Every year for work, I go to New York for Book Expo America, which is a little bit like SXSW for books. I would tell you that it’s a nerd’s delight (true), but BEA has also significantly upped its street cred in the last few years.  Today, for example, I’m going to see Patti Smith interview Neil Young on stage, and that is exciting.

(My husband says that there are two types of people in this world: Those who love Neil Young’s voice, and those who loathe it.  “Loathe” is a strong word, but I fear I fall in the latter camp, even though I adore everything else about the man: His man-living-alone-in-the-woods hair, his Americana-ness, his mentorship of Pearl Jam. If we ever had dinner together, Neil and I, I imagine us throwing back whiskeys and having a grand ol’ time, until the moment he lifts his scratched-up, beloved guitar and strums a little tune … prompting me to gently — but firmly — place a finger to his lips. “No singing,” I’d murmur. Just one more whiskey, Neil.”)

Anyway, my favorite part of BEA every year is this panel called “Editor’s Buzz.” Two hundred editors from all the big publishers apply for five seats on this panel, and get up there to tell a room full of industry types — book reviewers, film scouts, foreign rights reps and the like — why this book is amazing. It is in fact where I discovered The Night Circus last year.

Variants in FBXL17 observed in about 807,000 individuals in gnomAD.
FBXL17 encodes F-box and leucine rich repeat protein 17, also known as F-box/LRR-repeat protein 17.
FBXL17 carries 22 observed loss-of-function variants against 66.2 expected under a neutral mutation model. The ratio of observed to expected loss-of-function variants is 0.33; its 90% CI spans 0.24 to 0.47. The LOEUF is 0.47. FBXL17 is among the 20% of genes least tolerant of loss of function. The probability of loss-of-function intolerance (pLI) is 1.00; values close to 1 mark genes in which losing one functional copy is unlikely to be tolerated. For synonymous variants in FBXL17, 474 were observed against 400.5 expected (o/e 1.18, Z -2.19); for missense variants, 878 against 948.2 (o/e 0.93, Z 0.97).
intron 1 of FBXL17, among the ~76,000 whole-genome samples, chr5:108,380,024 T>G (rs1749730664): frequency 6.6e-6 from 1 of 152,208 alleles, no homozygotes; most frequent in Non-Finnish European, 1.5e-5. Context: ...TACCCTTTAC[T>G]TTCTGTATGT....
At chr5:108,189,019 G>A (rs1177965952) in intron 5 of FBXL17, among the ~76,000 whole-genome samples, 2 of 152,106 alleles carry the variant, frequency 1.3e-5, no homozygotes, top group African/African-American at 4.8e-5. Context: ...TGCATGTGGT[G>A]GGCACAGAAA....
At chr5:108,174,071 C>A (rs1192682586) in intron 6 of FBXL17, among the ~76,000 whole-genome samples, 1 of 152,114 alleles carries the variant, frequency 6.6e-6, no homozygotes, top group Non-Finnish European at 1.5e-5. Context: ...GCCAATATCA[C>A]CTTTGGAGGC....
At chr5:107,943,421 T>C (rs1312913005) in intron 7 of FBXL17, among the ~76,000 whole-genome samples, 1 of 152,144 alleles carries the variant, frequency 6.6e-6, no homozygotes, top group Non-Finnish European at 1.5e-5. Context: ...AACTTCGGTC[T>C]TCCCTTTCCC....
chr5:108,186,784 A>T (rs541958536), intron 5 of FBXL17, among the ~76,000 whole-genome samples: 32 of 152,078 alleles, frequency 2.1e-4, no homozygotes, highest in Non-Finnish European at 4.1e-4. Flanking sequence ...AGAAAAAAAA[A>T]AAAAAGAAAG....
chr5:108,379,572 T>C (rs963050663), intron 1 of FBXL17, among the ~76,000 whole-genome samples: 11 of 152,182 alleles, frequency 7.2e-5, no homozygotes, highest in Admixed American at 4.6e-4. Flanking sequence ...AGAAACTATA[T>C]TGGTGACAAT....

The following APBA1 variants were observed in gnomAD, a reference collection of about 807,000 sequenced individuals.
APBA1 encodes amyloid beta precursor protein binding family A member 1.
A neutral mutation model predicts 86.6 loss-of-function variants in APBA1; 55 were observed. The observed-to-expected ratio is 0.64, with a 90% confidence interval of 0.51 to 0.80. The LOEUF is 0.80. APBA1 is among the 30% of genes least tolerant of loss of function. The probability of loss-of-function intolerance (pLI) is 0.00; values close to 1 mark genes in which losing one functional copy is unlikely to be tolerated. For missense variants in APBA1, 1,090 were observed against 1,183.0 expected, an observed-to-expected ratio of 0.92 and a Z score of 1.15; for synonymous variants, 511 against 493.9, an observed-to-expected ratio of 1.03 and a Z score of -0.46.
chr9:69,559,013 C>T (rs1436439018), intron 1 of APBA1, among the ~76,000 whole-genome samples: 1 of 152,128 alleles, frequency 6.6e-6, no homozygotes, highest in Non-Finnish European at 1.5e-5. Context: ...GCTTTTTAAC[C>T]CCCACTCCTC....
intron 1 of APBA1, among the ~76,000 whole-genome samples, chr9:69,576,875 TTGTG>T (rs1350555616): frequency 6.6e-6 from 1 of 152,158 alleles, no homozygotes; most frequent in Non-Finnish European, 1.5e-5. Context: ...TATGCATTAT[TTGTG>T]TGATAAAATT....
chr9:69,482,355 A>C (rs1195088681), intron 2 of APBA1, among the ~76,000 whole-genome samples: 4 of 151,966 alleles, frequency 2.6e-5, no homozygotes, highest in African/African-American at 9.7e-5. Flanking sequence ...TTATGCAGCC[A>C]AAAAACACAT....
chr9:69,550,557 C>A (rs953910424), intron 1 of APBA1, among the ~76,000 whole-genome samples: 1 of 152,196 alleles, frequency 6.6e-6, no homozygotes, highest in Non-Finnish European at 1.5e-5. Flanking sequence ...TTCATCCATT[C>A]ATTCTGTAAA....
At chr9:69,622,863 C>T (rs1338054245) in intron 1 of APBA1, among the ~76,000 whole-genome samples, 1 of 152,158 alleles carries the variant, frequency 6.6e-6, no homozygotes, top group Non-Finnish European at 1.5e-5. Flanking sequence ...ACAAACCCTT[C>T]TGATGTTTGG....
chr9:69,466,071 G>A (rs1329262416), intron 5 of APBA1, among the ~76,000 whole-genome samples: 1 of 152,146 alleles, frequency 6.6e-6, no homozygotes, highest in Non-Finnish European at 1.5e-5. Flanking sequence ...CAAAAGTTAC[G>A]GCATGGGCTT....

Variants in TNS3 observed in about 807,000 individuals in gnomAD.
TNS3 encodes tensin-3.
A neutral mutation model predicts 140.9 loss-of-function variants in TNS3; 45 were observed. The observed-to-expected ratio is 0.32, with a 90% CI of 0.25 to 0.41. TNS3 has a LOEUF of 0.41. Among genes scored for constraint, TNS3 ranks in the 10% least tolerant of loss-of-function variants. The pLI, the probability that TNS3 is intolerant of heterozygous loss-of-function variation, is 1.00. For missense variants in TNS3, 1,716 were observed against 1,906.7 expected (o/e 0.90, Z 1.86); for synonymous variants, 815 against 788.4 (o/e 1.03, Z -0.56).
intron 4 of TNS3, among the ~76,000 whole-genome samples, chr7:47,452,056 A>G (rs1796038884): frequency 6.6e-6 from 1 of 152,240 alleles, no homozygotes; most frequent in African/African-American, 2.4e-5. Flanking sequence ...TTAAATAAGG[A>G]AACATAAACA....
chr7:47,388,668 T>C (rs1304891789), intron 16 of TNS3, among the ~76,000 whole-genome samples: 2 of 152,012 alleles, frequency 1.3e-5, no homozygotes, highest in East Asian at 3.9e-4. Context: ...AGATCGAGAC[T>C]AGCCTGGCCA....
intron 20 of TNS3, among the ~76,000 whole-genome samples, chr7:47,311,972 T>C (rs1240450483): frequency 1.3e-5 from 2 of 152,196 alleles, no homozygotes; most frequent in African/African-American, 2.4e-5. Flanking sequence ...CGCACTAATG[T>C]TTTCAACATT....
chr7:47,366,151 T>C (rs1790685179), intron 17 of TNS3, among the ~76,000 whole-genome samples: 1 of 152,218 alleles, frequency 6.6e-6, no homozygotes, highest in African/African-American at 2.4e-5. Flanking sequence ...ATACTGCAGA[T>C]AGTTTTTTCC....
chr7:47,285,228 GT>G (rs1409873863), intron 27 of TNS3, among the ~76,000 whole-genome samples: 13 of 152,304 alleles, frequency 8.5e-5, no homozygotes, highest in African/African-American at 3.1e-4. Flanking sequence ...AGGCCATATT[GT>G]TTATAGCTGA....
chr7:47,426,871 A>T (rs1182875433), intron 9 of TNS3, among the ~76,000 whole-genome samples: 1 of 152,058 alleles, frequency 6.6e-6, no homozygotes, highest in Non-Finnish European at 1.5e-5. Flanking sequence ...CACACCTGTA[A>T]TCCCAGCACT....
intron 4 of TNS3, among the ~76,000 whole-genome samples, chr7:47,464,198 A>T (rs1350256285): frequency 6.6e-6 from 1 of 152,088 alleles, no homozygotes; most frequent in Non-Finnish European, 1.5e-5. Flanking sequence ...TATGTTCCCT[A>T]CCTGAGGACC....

Anyway, I got copies of all the books the editors touted at this year’s panel, and though they all sound incredible, there’s one I want to tell you about: Brain on Fire.

It is the story of a young, spunky reporter who moves to New York after college, finds a wonderful boyfriend, and gets hired by the New York Post. Everything is going great, until one day, little things start going wrong. First it’s mood swings at work. Then hallucinations.  She has her first seizure. Soon, she is having one every day.

Her boyfriend wakes up one night to see her eyes rolled back in her head, and blood foaming from her mouth.

She’s rushed to the hospital, and over the next few weeks, administered literally a million dollars’ worth of tests. Absolutely nothing is wrong.

Meanwhile, the reporter is slowly deteriorating into madness. She thinks her father is a murderer. She’s thrashing wildly. The doctors are preparing her family for the next step: Life in an institution.

Just as our young reporter’s life, at least one of wakeful sanity, is drawing to a close, a phenomenal doctor with experience in autoimmune disorders joins her team. He makes one extraordinarily lucky guess, and this guess saves our reporter’s life.

This autoimmune disorder, which was really only discovered in 2007, is now thought to be connected to schizophrenia and even aggressive forms of autism. Tests won’t detect it, because your brain is fine … but your immune system, which thinks your brain is a foreign agent, is attacking your brain.

The scariest part? The doctors now believe the reporter caught the disease from a sneeze on a New York subway.

And with that, I head out to the subway myself for Day 3 in New York.

Wish me very good luck, Reader.